Beneficial Effects of Plant Growth-Promoting Rhizobacteria on Improved Crop Production: Prospects for Developing Economies Chapter uri icon


  • Beneficial microbes have a long history in agriculture, but published data in recent decades indicated that such microbes, particularly plant growth-promoting rhizobacteria (PGPR), have lots of untapped potentials in improving agricultural production and environmental management. In some regions of the world, vast areas of land are highly weathered, very low in soil fertility including macro- and/or micronutrients, and there is high application of nitrogen and phosphorus. In some other regions, there is low rainfall, high evaporative demand, increase in soil salinity, and increase in soluble salts concentration of irrigation water. In the regions, these issues have been major impediments against agriculture. However, the development of local food production is crucial in determining progress or failure in improving food security worldwide. This chapter discusses available evidences of prospects of PGPR in better agricultural productivity and food security such as possible roles in better plant nutrient uptake, reduced use of chemical fertilizers, and enhanced or induced systemic plants tolerance to adverse environmental stresses, especially salt stress. The concept of integrated nutrient management (INM) systems remains very important. Focus was given to unexplored possibilities of PGPR with reference to biofertilization and biological control in developing economies and how the benefits can be maximized in Africa and Asian region, including Asia Pacific and Middle East. The biological and edaphic factors, which may affect PGPR effectiveness in different regions of the world, were discussed.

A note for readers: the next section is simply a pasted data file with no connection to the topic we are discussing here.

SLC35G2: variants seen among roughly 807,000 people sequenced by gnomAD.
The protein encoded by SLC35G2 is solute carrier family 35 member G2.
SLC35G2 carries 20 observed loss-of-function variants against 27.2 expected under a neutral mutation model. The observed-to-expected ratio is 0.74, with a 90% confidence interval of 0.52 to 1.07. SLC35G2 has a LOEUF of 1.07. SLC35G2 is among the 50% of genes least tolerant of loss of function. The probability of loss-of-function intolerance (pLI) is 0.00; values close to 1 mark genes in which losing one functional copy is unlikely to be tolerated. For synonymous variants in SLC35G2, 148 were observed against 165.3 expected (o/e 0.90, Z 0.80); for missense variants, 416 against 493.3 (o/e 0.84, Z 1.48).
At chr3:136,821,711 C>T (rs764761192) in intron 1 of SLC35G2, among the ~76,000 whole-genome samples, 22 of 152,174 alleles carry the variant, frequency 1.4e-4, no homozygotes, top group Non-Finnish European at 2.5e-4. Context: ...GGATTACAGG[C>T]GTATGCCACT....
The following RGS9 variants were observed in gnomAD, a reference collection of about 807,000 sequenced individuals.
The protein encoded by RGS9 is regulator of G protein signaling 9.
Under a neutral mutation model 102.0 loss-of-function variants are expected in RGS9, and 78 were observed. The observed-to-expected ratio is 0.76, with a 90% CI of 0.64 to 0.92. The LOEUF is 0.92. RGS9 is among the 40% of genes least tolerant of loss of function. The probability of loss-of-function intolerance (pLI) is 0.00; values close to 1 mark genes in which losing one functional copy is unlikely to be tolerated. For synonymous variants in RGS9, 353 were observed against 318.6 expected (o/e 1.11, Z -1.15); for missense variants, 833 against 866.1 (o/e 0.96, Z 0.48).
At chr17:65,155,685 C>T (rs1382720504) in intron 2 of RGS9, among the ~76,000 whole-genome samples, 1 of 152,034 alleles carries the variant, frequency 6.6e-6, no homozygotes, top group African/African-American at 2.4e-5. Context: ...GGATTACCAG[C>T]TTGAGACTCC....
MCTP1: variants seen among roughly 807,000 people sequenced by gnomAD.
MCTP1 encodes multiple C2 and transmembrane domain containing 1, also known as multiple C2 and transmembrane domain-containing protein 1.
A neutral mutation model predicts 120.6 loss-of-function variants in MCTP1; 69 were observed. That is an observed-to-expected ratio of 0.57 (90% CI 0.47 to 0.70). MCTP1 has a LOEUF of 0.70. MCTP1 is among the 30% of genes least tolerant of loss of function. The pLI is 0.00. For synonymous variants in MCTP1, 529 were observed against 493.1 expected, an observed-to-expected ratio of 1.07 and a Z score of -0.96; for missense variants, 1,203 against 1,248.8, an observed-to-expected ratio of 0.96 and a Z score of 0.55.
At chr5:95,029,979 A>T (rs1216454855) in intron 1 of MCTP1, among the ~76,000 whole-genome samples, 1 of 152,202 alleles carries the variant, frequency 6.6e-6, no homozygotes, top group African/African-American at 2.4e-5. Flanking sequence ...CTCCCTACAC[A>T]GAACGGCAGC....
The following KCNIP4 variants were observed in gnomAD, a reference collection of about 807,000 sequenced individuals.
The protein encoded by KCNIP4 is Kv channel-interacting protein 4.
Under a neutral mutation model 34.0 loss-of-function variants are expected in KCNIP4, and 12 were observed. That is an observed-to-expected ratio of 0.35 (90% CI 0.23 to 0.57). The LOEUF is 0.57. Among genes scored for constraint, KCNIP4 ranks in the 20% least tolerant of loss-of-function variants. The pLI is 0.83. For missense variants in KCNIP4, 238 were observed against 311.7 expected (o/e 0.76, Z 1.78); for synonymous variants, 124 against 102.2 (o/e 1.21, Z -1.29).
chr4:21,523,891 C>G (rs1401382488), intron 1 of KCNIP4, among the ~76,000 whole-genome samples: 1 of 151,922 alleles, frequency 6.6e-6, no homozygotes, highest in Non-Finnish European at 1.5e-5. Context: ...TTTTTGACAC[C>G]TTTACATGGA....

author list (cited authors)

  • Adesemoye, A. O., & Egamberdieva, D.

citation count

  • 45

complete list of authors

  • Adesemoye, AO||Egamberdieva, D

editor list (cited editors)

  • Maheshwari, D. K., Saraf, M., & Aeron, A.

Book Title

  • Bacteria in Agrobiology: Crop Productivity

publication date

  • January 2013